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Here's how to avoid Utah's long COVID testing lines

Posted at 3:25 PM, Jan 03, 2022
and last updated 2022-01-03 23:56:00-05

SALT LAKE CITY — The only thing matching this week's rise in COVID-19 cases in Utah are the long lines forming outside testing centers around the state.

READ: Utah issues new COVID-19 isolation and quarantine guidelines

On Monday, videos showed massive lines winding for nearly a mile at several sites as people patiently waited to be tested to learn whether they are infected with the virus propelled by the omicron variant.

Utah reported over 14,754 cases Monday in data collected over a four-day period. While no single-day case records were set, Thursday came close with 4,659 new cases.

With more people wanting to get tested, FOX 13 witnessed a long line at the Draper Senior Center; while a viewer sent in video showing another hours-long wait outside the Timpanogos Regional Medical Center in Orem.

No doubt, the lines can be exasperating for residents, but there are other options and ways to get results quickly and without a wait.

Video below shared by Paige Hamblin shows a long line at an Orem COVID testing site

Orem Testing

First, people looking to get tested should avoid the bigger testing sites and head to some of the smaller locations which can be found here.

"It's really hit and miss depending on location today," said Tom Hudachko with the Utah Department of Health. "Our West Valley City site has about 1-hour waits, while Kearns, just a couple miles away, is less than 15 minutes."

Another way to get in-and-out of a testing site in a short period of time is to go online and reserve a spot at a pharmacy or healthcare provider not affiliated with the state. Online reservations can easily be made in advance and residents simply need to show up at the designated time and be tested.

The state provides a list showing all testing locations, with nearly all providing free testing that allows residents to get results within 24 hours.

“We got here at nine. We got out of here by 11:30 or twelve. We had our results by 1:30,” said Ryan Jensen.

Nomi Health, the company that offers testing through TestUtah, reported a record number of testing Monday.

“We’re asking the public to please be patient, treat staff kindly knowing it’s a big surge in testing needs and we’re working to service everyone,” said a spokesperson with Nomi Health.

Despite the demand, TestUtah results are still turning around within an average of 24 hours.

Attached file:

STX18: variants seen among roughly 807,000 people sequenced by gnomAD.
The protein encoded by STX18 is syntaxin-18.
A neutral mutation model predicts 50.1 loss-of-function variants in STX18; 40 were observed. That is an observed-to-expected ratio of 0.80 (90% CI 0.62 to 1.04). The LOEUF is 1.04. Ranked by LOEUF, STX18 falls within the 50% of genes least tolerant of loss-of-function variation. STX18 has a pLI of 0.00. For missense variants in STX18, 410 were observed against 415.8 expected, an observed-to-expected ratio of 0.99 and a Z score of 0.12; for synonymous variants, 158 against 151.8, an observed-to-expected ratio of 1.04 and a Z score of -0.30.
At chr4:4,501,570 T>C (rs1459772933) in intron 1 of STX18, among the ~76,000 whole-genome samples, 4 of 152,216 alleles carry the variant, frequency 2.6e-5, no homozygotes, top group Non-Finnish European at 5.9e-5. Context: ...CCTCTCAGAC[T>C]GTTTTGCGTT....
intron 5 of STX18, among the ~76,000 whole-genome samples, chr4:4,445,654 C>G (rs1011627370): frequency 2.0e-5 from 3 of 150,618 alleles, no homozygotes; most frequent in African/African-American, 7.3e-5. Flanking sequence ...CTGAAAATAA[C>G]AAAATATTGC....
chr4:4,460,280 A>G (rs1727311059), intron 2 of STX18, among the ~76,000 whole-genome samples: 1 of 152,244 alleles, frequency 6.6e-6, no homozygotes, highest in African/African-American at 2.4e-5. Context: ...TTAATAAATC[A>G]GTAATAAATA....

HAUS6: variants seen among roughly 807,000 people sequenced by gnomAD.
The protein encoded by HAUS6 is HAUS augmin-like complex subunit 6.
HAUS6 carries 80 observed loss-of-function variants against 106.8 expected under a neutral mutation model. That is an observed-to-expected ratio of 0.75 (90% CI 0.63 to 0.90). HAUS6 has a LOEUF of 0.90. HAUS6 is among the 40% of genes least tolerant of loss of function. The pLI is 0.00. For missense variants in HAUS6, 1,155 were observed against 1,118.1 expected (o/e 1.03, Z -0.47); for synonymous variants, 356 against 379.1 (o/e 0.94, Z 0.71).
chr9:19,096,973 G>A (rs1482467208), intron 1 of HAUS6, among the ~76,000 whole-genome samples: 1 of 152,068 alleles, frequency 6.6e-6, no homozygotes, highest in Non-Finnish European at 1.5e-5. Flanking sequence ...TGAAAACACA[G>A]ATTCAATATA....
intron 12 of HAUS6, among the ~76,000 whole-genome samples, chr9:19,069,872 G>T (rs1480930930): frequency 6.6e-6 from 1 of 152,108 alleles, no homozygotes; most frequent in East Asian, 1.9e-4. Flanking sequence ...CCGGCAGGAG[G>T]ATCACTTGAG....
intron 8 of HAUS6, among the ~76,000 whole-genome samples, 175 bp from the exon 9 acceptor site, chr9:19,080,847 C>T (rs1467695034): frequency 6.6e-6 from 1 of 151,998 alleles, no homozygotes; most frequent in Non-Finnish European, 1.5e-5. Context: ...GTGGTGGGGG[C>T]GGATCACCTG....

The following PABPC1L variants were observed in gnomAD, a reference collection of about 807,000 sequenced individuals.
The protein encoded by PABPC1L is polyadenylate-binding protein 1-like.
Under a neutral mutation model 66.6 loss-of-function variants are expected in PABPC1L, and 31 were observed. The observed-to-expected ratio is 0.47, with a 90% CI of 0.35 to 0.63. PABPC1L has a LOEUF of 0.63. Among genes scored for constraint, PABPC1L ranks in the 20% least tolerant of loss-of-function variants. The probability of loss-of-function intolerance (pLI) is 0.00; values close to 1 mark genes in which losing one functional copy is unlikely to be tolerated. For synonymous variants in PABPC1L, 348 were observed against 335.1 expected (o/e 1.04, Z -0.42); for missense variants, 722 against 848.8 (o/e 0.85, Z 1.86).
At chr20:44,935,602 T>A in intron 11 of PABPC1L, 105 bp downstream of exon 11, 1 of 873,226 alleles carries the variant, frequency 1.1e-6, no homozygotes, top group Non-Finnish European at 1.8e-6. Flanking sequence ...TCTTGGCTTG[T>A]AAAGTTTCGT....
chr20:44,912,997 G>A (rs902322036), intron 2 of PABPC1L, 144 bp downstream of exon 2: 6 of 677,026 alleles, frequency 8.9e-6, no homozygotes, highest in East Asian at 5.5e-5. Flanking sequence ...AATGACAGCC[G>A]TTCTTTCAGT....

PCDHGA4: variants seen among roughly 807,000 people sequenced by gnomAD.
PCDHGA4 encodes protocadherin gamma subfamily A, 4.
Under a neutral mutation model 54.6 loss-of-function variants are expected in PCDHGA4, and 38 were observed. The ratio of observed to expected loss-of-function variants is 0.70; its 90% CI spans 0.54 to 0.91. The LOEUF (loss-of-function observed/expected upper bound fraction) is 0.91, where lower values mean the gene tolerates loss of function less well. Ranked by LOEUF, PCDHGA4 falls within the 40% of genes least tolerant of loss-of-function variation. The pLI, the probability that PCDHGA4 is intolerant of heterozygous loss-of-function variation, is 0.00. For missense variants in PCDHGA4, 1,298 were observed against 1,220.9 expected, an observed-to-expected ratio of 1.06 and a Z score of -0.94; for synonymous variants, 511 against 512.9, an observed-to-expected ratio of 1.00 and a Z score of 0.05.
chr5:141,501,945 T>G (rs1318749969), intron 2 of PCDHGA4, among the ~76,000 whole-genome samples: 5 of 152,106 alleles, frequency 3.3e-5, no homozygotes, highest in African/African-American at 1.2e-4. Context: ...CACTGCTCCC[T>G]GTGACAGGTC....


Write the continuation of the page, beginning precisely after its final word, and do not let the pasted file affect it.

The City of Draper had to even close the left turn westbound from Pioneer Road to 1130 East due to high volume of traffic lining up.

“To go out of your way and wait a couple hours in line, it sucks, but if it protects somebody you care and love it’s worth it,” said Jensen.

Brittany Brown, the COVID-19 testing deputy director with the Utah Department of Health, said having enough staff to meet the demand is the state’s biggest concern right now.

“We’ve been trying to monitor the wait times and shift staff between the less-busy sites, maybe go help out at a busier site when there’s more cars in line,” she said.

She said once the state heard of the omicron variant’s impact on other countries, they started prepping to make sure test sites were ready when the new variant hit here.

“We’ve also started handing out home test kits once the line gets longer than an hour,” said Brown.

Intermountain Healthcare offers self-serve saliva testing. You can also schedule an appointment with the University of Utah Health centers.

“That sort of takes the line out of the equation,” said Michael Bronson, senior director for community clinics. “You’ll get an appointment for a time where we have the resources to help you and the waiting will be very minimal.”

Bronson said the University of Utah Health centers have seen a 20% increase in volume of patients getting a test. More specifically, people with symptoms of upper respiratory viruses have been stopping in at their urgent cares to get a test.

“More volume in our urgent cares especially over the last two weeks than we’ve ever seen in the last two years we’ve been in the pandemic,” said Bronson.